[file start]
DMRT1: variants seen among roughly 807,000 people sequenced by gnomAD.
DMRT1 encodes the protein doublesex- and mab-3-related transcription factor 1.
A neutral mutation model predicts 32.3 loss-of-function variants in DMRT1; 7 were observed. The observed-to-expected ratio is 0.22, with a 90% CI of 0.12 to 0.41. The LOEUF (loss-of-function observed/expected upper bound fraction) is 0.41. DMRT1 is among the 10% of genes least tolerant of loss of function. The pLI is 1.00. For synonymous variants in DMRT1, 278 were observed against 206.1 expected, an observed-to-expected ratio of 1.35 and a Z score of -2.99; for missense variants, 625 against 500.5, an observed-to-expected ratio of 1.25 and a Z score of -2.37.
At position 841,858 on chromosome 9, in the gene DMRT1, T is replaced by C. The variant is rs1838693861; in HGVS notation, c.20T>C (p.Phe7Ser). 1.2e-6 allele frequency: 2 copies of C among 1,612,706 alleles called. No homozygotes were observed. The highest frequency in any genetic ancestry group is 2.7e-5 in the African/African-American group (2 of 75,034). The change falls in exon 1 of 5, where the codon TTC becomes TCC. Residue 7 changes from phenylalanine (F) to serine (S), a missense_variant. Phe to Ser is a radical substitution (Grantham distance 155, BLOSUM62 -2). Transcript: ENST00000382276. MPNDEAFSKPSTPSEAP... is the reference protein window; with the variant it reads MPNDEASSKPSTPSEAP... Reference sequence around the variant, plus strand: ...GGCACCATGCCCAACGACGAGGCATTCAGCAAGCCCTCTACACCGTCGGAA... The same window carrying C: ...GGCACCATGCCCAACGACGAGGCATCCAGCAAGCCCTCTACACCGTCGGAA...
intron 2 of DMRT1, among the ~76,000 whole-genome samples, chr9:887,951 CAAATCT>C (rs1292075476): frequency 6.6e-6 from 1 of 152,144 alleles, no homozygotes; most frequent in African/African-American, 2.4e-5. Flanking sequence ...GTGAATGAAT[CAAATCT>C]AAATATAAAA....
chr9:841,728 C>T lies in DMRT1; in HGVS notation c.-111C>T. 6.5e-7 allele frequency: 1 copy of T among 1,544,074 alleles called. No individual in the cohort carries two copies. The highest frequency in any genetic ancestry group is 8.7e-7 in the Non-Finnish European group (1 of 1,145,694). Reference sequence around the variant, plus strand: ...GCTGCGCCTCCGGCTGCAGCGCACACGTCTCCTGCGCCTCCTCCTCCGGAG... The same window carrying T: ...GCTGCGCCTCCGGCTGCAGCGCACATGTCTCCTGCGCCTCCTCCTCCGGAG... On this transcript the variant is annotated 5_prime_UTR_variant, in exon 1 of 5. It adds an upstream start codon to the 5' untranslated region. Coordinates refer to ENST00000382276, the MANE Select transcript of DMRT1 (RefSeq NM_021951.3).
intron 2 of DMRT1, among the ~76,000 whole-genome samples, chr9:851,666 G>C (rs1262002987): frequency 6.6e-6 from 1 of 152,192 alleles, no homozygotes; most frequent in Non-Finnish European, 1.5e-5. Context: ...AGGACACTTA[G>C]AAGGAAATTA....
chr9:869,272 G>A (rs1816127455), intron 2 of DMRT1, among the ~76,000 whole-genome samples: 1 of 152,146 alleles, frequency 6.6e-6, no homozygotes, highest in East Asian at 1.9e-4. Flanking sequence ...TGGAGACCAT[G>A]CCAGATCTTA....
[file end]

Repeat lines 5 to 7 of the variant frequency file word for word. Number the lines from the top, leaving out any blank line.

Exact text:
intron 2 of DMRT1, among the ~76,000 whole-genome samples, chr9:887,951 CAAATCT>C (rs1292075476): frequency 6.6e-6 from 1 of 152,144 alleles, no homozygotes; most frequent in African/African-American, 2.4e-5. Flanking sequence ...GTGAATGAAT[CAAATCT>C]AAATATAAAA....
chr9:841,728 C>T lies in DMRT1; in HGVS notation c.-111C>T. 6.5e-7 allele frequency: 1 copy of T among 1,544,074 alleles called. No individual in the cohort carries two copies. The highest frequency in any genetic ancestry group is 8.7e-7 in the Non-Finnish European group (1 of 1,145,694). Reference sequence around the variant, plus strand: ...GCTGCGCCTCCGGCTGCAGCGCACACGTCTCCTGCGCCTCCTCCTCCGGAG... The same window carrying T: ...GCTGCGCCTCCGGCTGCAGCGCACATGTCTCCTGCGCCTCCTCCTCCGGAG... On this transcript the variant is annotated 5_prime_UTR_variant, in exon 1 of 5. It adds an upstream start codon to the 5' untranslated region. Coordinates refer to ENST00000382276, the MANE Select transcript of DMRT1 (RefSeq NM_021951.3).
intron 2 of DMRT1, among the ~76,000 whole-genome samples, chr9:851,666 G>C (rs1262002987): frequency 6.6e-6 from 1 of 152,192 alleles, no homozygotes; most frequent in Non-Finnish European, 1.5e-5. Context: ...AGGACACTTA[G>C]AAGGAAATTA....